Software as a Service, Infrastructure as a Service, on-demand platforms – all these things are examples of what we conveniently lump into the category of “Cloud Computing.” For over 15 years I’ve been advocating for the benefits that the cloud can bring. Lower cost, reduced barriers to entry, an ability to deliver agility – all are very real advantages of using cloud-based solutions rather than more traditional approaches.

For the first few years that I was working as an independent industry expert, I was one of a small number of folks advocating for the move to the cloud. As part of a very small global group who has loosely coalesced into a group known as The Clouderati, we felt that we were revolutionaries at war with the orthodox view of the industry.

Indeed, I can remember countless industry conferences where we, The Clouderati, would gather together. We did so in the face of traditional technology vendors who told us that we were charlatans. These vendors were quick to suggest that the moves we were pushing were dangerous, would not drive the benefits that we claimed and were in-fact dangerous for credible organisations to take heed of.

Fast forward to today and the world has, indeed, met the predictions we made over a decade ago. Almost every organisation takes advantage of cloud in some form – from those doing their office productivity through Microsoft’s Office 365 or Google’s Workspaces to those buying infrastructure from global mega-vendor Amazon Web Services or hometown hero Catalyst IT, cloud is now the default way to deliver technology.

But, despite all the benefits that cloud brings, as with any technology decision, people need to assess the flip side, the unintended consequences and the potential collateral damage that any decision may drive. Before anyone thinks that I might have changed my tune and be turning away from a cloud-first approach, this article is in no way intended to lessen the positive impacts that people understand cloud can bring. Rather it is an educational piece, intended to help people to make informed decisions.

I was thinking about unintended consequences recently, after I read an article about someone who suffered almost unimaginable unintended consequences from a life firmly embedded in the cloud. To cut a long story short, Mark is a caring father who also happens to live his life in the cloud – from photo sharing to his calendar, from his phone service to document creation, Mark does it all in the cloud, and in this case, with Google.

Mark also had a personal situation where his son had some health issues. Specifically a possible infection of his genitals. Given the world was in the midst of a pandemic, and physical examinations were unavailable, Mark did what any technologically aware individual would and booked a virtual appointment. At this virtual consultation, he messaged the clinician a photo he had taken of the affected area. There’s plenty of detail over at the original article but smart readers will guess the unintended consequence of photographing and sharing said photograph of a child’s genitals – Google’s incredibly smart, if very binary AI-powered sex abuse algorithm came into play.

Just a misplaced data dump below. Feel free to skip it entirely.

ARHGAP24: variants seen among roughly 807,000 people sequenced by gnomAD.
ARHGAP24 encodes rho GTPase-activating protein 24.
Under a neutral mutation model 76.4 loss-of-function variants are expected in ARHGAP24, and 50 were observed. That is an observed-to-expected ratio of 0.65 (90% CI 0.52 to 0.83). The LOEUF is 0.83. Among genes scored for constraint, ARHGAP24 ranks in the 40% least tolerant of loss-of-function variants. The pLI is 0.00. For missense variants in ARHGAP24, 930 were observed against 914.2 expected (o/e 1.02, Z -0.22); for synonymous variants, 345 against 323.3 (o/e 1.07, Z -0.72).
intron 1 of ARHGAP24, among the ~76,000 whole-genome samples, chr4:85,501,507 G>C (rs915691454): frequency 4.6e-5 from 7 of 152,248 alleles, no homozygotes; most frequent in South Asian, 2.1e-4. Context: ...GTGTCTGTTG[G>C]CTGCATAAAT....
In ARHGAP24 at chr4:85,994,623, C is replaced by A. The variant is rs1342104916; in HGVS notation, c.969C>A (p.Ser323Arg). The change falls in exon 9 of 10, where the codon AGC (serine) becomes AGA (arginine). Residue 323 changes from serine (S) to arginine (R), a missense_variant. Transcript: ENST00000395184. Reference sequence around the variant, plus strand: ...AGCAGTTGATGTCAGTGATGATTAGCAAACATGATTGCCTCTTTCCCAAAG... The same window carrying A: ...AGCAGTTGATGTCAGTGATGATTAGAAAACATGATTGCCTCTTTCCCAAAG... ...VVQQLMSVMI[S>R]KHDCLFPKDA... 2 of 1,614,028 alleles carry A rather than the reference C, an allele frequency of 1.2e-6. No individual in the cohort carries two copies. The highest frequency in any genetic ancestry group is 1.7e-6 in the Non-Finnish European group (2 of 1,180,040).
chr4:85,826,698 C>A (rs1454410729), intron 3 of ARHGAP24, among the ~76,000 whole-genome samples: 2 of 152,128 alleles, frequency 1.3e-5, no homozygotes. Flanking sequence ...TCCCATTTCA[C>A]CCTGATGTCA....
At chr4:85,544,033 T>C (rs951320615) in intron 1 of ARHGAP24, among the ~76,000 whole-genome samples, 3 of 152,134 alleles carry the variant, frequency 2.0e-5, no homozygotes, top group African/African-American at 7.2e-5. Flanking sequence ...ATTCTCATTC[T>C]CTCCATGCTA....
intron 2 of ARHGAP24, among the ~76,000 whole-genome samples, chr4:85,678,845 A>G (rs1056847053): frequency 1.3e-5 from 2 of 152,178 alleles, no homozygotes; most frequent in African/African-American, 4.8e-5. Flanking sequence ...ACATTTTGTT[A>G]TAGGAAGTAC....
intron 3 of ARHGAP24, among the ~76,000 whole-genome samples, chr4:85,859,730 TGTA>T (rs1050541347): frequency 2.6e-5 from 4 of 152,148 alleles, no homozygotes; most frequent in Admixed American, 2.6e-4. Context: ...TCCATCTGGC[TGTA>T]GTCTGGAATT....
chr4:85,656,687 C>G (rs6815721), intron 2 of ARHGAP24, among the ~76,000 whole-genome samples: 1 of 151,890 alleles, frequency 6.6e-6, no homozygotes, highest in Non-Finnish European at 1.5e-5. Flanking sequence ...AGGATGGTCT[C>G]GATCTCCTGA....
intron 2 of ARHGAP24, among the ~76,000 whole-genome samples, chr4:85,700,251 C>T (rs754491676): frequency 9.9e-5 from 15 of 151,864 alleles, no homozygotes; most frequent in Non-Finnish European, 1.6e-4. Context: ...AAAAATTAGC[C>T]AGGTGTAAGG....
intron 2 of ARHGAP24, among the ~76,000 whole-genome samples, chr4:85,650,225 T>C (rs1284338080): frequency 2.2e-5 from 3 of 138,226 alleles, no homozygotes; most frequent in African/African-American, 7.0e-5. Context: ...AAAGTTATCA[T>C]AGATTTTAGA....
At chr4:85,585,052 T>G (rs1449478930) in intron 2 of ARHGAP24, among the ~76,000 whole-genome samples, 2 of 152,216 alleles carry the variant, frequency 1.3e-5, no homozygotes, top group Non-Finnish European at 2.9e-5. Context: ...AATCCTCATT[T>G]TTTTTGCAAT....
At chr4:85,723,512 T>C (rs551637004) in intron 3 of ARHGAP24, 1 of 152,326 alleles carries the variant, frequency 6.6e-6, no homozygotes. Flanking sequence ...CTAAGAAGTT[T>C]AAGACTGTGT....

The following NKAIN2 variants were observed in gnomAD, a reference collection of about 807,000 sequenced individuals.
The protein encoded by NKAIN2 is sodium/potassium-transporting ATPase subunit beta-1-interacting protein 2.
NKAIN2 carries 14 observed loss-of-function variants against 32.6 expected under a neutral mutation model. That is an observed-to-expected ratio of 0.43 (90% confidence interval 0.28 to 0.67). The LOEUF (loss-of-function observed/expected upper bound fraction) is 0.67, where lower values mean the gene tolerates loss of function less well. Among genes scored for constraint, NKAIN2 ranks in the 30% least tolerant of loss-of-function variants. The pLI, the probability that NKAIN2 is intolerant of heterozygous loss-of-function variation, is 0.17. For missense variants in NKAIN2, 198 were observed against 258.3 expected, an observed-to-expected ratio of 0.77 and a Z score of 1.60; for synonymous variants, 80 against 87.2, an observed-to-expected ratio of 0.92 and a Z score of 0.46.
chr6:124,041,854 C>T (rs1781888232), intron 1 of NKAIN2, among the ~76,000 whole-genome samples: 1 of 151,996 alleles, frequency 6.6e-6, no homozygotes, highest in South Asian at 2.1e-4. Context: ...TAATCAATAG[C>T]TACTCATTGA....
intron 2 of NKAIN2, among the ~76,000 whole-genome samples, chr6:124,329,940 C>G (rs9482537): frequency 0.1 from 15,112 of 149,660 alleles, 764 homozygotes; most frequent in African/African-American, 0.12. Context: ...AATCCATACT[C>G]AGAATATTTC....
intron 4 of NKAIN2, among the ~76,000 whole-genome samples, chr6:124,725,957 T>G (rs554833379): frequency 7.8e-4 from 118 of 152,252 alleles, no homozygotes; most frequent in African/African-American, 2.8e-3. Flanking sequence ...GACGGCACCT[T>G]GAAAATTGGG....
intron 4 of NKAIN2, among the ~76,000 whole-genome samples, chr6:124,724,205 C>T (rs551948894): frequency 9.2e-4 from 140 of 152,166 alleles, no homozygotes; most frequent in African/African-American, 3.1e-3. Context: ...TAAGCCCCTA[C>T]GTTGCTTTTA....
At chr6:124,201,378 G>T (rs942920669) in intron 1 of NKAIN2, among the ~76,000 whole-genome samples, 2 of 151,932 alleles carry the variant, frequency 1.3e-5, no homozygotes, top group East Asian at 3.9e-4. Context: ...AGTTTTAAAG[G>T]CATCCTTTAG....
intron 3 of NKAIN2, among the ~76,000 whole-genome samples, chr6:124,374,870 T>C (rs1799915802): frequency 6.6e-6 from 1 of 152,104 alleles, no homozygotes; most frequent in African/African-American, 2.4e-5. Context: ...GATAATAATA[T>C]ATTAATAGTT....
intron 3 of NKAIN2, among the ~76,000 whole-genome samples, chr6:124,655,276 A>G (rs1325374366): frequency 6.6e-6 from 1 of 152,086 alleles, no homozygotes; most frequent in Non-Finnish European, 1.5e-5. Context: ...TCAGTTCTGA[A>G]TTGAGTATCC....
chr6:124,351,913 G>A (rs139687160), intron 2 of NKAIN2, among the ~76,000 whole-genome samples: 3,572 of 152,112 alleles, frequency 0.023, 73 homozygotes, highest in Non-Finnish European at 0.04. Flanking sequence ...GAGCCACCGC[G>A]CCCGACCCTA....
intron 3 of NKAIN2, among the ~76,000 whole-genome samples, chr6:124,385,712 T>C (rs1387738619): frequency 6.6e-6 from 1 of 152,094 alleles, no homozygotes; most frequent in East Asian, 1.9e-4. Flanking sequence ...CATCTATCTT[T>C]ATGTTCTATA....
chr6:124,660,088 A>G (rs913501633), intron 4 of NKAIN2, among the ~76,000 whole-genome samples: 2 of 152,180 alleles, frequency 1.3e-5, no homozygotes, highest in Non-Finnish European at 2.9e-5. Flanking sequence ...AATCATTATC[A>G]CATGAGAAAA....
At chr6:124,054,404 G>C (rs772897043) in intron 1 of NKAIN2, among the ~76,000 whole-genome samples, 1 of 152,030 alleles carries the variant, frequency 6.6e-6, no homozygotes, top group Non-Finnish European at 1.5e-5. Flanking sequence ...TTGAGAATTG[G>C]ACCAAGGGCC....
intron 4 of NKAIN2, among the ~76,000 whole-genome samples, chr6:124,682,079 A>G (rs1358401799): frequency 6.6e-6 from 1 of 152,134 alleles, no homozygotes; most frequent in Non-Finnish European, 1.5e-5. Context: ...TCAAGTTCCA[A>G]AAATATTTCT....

Said algorithm decided that by sharing an image of a youngster’s genitals, Mark must obviously be a pedophile. As such, and in a well-intentioned attempt to weed out exploitive behavior, Google tagged Mark’s account and froze it. Mark, who had over the previous decade or more increasingly come to rely upon Google to fuel his digital life, was hamstrung – from his phone service to his contact list, from the totality of his online images to his document history, Mark was entirely locked out from his digital life.

To make matters worse, since Google hosted his email address, Mark was unable to reset passwords or change notification addresses for all his other digital services. The nuking of his Google account thus had the unintended consequences of cascading down into almost every digital service he used.

Now of course, in an ideal world, a company like Google that took advantage of machine-based automation to make it possible to scan billions of images to identify child porn would also realise that having human intervention within these automated processes is a wise safeguard. In this sort of ideal world, Google would use the old military approach of Trust but Verify. They would let this automated algorithm flag suspicious content, but then a real life human being would look at that flag. This human would be able to understand nuance and context in a way that an algorithm cannot and, in this example, would have obviously been able to see that there was a very genuine reason for this image and, as such, Mark’s digital life should not be vaporized.

Alas there is another trait that goes alongside these technology masters of the universes’ desire to automate everything. This trait is to having an almost unwavering confidence in the answers that algorithms produce. Like modern-day versions of religious converts, these companies seem to have the attitude that if the algorithm flags something as dodgy, it must indeed be dodgy. An ability to separate the signal from the noise is sadly lacking from these folks.


Ben Kepes

Ben Kepes is a technology evangelist, an investor, a commentator and a business adviser. Ben covers the convergence of technology, mobile, ubiquity and agility, all enabled by the Cloud. His areas of interest extend to enterprise software, software integration, financial/accounting software, platforms and infrastructure as well as articulating technology simply for everyday users.

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